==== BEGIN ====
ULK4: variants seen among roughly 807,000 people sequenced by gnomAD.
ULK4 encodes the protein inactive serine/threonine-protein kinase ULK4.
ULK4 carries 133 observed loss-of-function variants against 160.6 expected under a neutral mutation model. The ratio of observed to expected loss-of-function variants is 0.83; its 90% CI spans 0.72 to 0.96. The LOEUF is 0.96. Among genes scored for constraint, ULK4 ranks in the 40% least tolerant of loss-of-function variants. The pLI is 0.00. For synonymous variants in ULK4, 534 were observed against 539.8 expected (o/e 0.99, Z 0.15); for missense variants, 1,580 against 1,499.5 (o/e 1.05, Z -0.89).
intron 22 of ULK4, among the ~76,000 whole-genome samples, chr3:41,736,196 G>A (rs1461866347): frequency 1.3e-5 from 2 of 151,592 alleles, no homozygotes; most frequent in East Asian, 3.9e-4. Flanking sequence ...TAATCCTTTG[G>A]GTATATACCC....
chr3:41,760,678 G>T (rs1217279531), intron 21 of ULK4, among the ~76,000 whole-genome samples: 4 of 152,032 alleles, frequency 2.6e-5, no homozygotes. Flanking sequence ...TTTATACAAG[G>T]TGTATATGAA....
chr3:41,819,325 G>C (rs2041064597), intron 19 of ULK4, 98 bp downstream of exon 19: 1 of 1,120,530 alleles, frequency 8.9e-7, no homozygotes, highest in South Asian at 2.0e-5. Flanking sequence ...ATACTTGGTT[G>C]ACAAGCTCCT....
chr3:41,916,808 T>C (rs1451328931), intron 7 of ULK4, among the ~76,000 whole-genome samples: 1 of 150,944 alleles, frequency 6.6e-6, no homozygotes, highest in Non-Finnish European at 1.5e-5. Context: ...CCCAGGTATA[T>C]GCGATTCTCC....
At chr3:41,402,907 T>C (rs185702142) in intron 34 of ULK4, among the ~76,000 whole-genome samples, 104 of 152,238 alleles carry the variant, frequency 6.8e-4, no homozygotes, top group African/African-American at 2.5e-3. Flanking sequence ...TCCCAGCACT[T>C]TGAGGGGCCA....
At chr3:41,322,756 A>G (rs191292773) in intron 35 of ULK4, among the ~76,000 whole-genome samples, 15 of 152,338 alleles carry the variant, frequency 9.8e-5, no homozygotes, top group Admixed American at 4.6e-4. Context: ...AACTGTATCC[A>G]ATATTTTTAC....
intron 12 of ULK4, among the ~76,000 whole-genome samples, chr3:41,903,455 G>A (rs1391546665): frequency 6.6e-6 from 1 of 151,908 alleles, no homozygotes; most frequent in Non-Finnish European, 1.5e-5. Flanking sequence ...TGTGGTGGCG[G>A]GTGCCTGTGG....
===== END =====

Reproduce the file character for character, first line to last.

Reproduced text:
ULK4: variants seen among roughly 807,000 people sequenced by gnomAD.
ULK4 encodes the protein inactive serine/threonine-protein kinase ULK4.
ULK4 carries 133 observed loss-of-function variants against 160.6 expected under a neutral mutation model. The ratio of observed to expected loss-of-function variants is 0.83; its 90% CI spans 0.72 to 0.96. The LOEUF is 0.96. Among genes scored for constraint, ULK4 ranks in the 40% least tolerant of loss-of-function variants. The pLI is 0.00. For synonymous variants in ULK4, 534 were observed against 539.8 expected (o/e 0.99, Z 0.15); for missense variants, 1,580 against 1,499.5 (o/e 1.05, Z -0.89).
intron 22 of ULK4, among the ~76,000 whole-genome samples, chr3:41,736,196 G>A (rs1461866347): frequency 1.3e-5 from 2 of 151,592 alleles, no homozygotes; most frequent in East Asian, 3.9e-4. Flanking sequence ...TAATCCTTTG[G>A]GTATATACCC....
chr3:41,760,678 G>T (rs1217279531), intron 21 of ULK4, among the ~76,000 whole-genome samples: 4 of 152,032 alleles, frequency 2.6e-5, no homozygotes. Flanking sequence ...TTTATACAAG[G>T]TGTATATGAA....
chr3:41,819,325 G>C (rs2041064597), intron 19 of ULK4, 98 bp downstream of exon 19: 1 of 1,120,530 alleles, frequency 8.9e-7, no homozygotes, highest in South Asian at 2.0e-5. Flanking sequence ...ATACTTGGTT[G>C]ACAAGCTCCT....
chr3:41,916,808 T>C (rs1451328931), intron 7 of ULK4, among the ~76,000 whole-genome samples: 1 of 150,944 alleles, frequency 6.6e-6, no homozygotes, highest in Non-Finnish European at 1.5e-5. Context: ...CCCAGGTATA[T>C]GCGATTCTCC....
At chr3:41,402,907 T>C (rs185702142) in intron 34 of ULK4, among the ~76,000 whole-genome samples, 104 of 152,238 alleles carry the variant, frequency 6.8e-4, no homozygotes, top group African/African-American at 2.5e-3. Flanking sequence ...TCCCAGCACT[T>C]TGAGGGGCCA....
At chr3:41,322,756 A>G (rs191292773) in intron 35 of ULK4, among the ~76,000 whole-genome samples, 15 of 152,338 alleles carry the variant, frequency 9.8e-5, no homozygotes, top group Admixed American at 4.6e-4. Context: ...AACTGTATCC[A>G]ATATTTTTAC....
intron 12 of ULK4, among the ~76,000 whole-genome samples, chr3:41,903,455 G>A (rs1391546665): frequency 6.6e-6 from 1 of 151,908 alleles, no homozygotes; most frequent in Non-Finnish European, 1.5e-5. Flanking sequence ...TGTGGTGGCG[G>A]GTGCCTGTGG....